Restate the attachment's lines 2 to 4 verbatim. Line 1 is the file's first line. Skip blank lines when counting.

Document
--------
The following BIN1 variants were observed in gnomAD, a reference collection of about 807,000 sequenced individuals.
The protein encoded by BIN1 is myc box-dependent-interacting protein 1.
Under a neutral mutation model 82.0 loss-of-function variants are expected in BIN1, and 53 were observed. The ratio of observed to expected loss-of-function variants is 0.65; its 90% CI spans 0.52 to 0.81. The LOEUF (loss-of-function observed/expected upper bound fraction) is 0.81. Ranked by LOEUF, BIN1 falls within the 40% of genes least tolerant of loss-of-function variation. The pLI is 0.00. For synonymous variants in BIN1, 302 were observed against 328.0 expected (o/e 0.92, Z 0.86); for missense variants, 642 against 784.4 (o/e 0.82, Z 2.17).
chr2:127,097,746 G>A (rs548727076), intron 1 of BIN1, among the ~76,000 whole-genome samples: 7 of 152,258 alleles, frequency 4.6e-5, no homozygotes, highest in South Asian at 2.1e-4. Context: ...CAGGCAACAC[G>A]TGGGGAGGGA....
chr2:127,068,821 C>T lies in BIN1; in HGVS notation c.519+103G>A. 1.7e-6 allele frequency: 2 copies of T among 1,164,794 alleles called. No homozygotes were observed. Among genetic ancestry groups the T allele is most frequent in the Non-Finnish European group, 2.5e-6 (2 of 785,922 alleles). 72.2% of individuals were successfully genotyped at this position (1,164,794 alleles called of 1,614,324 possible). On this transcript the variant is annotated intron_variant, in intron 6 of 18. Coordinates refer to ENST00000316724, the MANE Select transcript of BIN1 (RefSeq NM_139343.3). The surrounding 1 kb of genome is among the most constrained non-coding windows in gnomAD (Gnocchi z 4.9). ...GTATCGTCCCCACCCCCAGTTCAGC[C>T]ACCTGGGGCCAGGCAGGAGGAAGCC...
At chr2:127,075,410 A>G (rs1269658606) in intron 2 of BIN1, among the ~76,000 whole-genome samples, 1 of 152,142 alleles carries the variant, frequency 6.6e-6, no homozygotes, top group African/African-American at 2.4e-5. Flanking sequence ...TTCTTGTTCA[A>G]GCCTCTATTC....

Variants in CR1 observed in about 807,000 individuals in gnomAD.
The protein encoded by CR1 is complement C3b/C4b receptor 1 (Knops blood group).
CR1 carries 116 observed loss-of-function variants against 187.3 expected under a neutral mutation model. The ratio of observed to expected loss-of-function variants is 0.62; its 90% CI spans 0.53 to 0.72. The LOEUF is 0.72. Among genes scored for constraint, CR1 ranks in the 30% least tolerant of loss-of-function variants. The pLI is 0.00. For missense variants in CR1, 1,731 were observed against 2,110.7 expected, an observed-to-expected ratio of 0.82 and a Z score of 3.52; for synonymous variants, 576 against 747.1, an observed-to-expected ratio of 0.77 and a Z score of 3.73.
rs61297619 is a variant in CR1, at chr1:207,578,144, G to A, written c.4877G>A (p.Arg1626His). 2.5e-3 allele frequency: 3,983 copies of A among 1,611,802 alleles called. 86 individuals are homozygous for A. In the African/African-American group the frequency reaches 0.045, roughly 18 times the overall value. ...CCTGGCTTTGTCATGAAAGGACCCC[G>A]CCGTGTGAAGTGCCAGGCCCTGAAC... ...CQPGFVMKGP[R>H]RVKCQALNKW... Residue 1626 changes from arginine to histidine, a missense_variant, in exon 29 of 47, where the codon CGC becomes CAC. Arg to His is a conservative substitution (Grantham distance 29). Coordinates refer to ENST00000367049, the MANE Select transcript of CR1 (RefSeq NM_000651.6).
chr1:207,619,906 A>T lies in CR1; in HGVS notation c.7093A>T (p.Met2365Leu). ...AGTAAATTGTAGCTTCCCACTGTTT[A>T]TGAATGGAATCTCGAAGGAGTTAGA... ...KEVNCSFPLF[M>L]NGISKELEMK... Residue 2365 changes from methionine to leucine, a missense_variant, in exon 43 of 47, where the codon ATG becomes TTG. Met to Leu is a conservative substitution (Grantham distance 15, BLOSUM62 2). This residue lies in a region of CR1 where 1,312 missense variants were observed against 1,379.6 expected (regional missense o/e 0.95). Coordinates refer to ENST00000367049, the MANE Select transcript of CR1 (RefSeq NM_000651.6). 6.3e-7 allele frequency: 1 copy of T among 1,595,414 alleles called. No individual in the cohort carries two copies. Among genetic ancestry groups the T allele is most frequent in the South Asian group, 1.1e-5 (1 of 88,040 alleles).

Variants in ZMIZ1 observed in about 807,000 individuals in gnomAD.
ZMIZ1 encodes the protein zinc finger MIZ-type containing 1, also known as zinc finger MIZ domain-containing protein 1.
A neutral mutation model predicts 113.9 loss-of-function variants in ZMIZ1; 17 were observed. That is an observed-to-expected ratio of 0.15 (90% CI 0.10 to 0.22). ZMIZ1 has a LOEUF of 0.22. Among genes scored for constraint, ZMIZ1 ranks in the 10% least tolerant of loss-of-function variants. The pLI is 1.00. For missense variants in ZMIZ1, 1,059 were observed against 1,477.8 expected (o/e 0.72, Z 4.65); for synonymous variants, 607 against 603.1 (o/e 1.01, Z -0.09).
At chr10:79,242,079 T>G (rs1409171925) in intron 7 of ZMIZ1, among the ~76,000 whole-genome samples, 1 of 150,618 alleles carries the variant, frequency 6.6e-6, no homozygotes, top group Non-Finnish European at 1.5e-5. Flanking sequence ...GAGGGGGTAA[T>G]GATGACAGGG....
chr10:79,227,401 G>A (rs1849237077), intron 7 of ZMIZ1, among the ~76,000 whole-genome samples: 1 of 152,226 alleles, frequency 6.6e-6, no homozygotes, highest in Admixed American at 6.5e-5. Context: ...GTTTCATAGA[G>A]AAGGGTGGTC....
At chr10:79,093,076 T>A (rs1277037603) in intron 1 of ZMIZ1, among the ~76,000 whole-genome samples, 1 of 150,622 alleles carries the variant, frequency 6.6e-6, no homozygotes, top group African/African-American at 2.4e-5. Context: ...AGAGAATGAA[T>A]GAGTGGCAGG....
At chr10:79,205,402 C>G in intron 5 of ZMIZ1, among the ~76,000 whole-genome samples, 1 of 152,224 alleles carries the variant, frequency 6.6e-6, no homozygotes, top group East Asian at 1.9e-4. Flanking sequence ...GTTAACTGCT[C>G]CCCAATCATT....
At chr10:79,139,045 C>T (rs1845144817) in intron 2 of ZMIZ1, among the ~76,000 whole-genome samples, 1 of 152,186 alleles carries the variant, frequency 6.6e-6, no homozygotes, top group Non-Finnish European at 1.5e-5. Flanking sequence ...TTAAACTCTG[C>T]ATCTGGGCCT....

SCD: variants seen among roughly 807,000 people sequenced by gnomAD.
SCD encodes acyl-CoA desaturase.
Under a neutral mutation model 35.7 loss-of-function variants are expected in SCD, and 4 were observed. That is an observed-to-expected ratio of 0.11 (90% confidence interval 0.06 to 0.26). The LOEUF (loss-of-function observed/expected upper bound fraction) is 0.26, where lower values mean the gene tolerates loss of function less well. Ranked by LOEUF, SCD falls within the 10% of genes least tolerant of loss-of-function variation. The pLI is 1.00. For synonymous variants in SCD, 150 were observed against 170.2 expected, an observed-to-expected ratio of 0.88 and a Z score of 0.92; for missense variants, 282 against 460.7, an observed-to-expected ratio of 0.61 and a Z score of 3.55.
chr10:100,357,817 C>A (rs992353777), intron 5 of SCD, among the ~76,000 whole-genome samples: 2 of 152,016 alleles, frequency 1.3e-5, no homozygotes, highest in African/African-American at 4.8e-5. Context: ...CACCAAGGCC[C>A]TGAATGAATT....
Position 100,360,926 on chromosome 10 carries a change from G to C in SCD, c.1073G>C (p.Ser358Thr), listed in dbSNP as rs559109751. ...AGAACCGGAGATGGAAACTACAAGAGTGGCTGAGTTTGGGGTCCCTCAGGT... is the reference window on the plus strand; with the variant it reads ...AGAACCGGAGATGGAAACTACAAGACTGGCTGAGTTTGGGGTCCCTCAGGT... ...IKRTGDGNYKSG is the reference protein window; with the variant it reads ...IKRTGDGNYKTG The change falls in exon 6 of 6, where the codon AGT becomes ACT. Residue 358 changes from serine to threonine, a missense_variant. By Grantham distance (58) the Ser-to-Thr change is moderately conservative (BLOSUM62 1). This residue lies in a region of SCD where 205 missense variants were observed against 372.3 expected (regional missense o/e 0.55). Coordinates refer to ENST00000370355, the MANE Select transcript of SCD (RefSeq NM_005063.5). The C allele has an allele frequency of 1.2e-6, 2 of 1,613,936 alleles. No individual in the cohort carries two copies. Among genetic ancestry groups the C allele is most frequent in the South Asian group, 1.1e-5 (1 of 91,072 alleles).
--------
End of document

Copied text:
The protein encoded by BIN1 is myc box-dependent-interacting protein 1.
Under a neutral mutation model 82.0 loss-of-function variants are expected in BIN1, and 53 were observed. The ratio of observed to expected loss-of-function variants is 0.65; its 90% CI spans 0.52 to 0.81. The LOEUF (loss-of-function observed/expected upper bound fraction) is 0.81. Ranked by LOEUF, BIN1 falls within the 40% of genes least tolerant of loss-of-function variation. The pLI is 0.00. For synonymous variants in BIN1, 302 were observed against 328.0 expected (o/e 0.92, Z 0.86); for missense variants, 642 against 784.4 (o/e 0.82, Z 2.17).
chr2:127,097,746 G>A (rs548727076), intron 1 of BIN1, among the ~76,000 whole-genome samples: 7 of 152,258 alleles, frequency 4.6e-5, no homozygotes, highest in South Asian at 2.1e-4. Context: ...CAGGCAACAC[G>A]TGGGGAGGGA....